Wednesday, February 5, 2014

How I got here

Two high school friends changed the course of my life.

I’d been raised to believe success (or at least being a good person) was a product of following the rules exactly, of being able to recite all the correct answers, and of deferring to the superior wisdom of authority figures. That’s certainly how it had been in school. Obey and conform.

Then I met Paul and Joel in my senior year sociology class. They were brainy Honor Society types. I don’t know why they took me under their wings. Maybe it was my pathetic, lost, depressed vibe. If so, then pity can be a good thing.

The assignment was to do a research project, on a topic of our choice, either alone or in small groups, and present the findings to the class. I pictured dreary hours in the library. Joel and Paul pictured something completely different. They would turn the presentation into our “research.”

We gathered a random collection of slides—vacations, families, mundane objects we photographed ourselves—and loaded them haphazardly into the carousel. Then Joel rewired an old phonograph so it played backwards. Paul supplied a record of Polish folk songs. Then we created a multiple-choice questionnaire with nonsensical answers, such as:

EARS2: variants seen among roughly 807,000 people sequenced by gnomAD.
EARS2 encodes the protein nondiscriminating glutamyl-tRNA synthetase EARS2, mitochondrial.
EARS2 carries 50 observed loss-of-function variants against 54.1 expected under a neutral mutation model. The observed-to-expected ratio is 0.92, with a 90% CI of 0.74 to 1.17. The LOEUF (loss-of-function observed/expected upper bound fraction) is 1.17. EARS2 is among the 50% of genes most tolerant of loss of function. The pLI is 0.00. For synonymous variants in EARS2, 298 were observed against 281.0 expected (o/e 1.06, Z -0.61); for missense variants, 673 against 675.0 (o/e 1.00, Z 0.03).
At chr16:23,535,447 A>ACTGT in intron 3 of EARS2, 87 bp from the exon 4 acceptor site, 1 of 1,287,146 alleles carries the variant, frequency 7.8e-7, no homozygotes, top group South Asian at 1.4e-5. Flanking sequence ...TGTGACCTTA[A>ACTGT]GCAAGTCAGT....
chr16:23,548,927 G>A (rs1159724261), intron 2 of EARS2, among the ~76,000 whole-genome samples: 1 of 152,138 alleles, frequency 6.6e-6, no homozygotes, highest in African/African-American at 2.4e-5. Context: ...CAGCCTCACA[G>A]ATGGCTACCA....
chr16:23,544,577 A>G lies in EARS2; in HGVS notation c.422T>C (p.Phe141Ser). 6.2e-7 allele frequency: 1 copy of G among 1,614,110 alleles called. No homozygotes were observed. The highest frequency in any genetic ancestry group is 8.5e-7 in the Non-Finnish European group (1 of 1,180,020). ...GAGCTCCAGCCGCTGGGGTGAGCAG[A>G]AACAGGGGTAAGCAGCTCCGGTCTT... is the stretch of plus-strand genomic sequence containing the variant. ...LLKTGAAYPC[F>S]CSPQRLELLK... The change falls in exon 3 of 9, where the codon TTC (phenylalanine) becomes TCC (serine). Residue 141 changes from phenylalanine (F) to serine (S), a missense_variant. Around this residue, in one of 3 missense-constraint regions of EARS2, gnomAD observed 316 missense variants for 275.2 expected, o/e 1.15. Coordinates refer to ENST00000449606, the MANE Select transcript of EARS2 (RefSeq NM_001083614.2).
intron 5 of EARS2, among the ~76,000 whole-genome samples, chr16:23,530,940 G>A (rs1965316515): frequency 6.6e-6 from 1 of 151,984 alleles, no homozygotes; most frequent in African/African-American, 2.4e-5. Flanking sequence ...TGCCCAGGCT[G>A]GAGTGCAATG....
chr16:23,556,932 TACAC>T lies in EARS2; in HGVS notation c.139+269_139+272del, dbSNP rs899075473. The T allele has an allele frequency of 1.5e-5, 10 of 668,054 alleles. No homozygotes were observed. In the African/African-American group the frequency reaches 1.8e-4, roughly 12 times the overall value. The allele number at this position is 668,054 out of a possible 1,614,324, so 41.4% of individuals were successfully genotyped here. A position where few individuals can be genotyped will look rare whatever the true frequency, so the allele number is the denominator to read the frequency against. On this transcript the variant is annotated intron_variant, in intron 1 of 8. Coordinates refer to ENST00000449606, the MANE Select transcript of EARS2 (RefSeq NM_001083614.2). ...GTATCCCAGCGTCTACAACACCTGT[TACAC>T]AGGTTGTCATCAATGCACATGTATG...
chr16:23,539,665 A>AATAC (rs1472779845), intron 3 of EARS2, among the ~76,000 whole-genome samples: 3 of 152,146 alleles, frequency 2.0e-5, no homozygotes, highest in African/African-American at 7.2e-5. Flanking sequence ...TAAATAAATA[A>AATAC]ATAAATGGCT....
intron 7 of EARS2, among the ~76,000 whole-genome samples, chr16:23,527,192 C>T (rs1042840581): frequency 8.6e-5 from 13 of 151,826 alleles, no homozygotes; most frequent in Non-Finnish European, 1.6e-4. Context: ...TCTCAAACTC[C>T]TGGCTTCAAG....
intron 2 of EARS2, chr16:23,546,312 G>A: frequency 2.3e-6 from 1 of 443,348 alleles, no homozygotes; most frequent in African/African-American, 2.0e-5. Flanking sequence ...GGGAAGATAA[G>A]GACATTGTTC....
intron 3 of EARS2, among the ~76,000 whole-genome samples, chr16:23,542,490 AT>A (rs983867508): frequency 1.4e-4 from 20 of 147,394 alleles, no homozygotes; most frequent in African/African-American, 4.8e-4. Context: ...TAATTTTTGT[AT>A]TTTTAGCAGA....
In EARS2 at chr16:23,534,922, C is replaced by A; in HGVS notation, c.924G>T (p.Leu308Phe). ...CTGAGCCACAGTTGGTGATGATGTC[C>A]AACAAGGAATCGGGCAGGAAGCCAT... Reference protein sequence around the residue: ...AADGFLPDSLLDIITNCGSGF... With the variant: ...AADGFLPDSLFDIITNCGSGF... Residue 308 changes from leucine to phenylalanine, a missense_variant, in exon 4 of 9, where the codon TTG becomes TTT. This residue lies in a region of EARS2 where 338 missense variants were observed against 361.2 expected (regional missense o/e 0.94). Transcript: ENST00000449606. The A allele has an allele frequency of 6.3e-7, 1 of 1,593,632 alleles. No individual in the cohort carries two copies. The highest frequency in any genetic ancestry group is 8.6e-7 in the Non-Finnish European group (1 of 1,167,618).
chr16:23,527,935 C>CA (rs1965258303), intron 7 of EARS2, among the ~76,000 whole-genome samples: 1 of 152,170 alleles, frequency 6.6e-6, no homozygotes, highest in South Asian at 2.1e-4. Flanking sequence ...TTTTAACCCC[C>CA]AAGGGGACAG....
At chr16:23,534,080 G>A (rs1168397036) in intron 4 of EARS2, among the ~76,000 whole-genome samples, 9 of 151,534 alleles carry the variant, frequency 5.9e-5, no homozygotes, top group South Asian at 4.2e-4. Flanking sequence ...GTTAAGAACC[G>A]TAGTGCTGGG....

And elderly person is trying to cross the street. You should:
(  ) Buy new squirrels for your car
(  ) The 3rd Amendment
(  ) Pie 
(  ) What light through yonder window breaks?

The day of our presentation, we showed the slides and played the backwards record while classmates worked on the questionnaire. Then we gathered the questionnaires and threw them in the trash.

Paul then explained that we had been testing how people react when a situation is totally different than expected. We asked our classmates what they had been thinking and feeling.

I went home with no idea how our presentation had gone over with the teacher. I was hoping for maybe a C. We got A-pluses. Holy cow! I’d never gotten an A+ on anything before.

Joel and Paul later explained to me that teachers get tired of the same old thing year after year. They also explained that originality is more valuable than conformity, that human progress was the product of people stepping out of line. Originality is a rare, and therefore precious. Conformity is only worthwhile to those who want your obedience in order to advance their own purposes. Conformists get exploited. 

This was 180 degrees from what I’d been taught. 

I applied that insight the rest of my life, with excellent results.  For the most part.